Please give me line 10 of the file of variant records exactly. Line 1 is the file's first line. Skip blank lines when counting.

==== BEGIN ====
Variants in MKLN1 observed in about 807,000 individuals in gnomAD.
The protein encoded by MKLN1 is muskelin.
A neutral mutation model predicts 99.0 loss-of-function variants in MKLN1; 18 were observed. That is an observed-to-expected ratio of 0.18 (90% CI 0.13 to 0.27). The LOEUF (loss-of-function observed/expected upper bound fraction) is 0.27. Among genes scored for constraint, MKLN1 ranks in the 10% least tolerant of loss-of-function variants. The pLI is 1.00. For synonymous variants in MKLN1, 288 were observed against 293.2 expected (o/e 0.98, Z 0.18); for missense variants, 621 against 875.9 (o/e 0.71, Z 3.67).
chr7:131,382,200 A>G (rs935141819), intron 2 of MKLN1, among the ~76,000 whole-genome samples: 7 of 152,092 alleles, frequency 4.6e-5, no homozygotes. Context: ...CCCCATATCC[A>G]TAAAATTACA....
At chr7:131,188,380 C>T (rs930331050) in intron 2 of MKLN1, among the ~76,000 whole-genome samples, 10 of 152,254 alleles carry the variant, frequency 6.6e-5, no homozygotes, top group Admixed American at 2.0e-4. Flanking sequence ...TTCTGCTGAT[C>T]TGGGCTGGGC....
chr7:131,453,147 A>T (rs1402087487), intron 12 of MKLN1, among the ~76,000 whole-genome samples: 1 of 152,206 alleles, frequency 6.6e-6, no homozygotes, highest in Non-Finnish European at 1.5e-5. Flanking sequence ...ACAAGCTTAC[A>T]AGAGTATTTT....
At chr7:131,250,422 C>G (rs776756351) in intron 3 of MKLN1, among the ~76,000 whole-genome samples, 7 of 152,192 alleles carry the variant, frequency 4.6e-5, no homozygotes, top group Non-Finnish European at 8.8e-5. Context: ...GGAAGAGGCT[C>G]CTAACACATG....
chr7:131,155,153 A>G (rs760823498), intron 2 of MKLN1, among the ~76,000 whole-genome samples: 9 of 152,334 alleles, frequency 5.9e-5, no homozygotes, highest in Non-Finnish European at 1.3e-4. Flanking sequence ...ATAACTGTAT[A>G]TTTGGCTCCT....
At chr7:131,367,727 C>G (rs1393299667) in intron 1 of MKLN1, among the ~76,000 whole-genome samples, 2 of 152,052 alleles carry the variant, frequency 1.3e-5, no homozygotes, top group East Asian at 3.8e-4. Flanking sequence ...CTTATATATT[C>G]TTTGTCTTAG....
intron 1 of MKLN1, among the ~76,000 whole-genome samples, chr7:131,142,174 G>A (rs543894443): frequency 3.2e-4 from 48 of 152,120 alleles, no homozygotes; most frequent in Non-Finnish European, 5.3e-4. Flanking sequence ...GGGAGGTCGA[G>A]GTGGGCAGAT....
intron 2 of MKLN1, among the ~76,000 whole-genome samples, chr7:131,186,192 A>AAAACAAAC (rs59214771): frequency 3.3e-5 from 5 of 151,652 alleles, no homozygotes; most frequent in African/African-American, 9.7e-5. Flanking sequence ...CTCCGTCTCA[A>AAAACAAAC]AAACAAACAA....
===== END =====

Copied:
intron 1 of MKLN1, among the ~76,000 whole-genome samples, chr7:131,142,174 G>A (rs543894443): frequency 3.2e-4 from 48 of 152,120 alleles, no homozygotes; most frequent in Non-Finnish European, 5.3e-4. Flanking sequence ...GGGAGGTCGA[G>A]GTGGGCAGAT....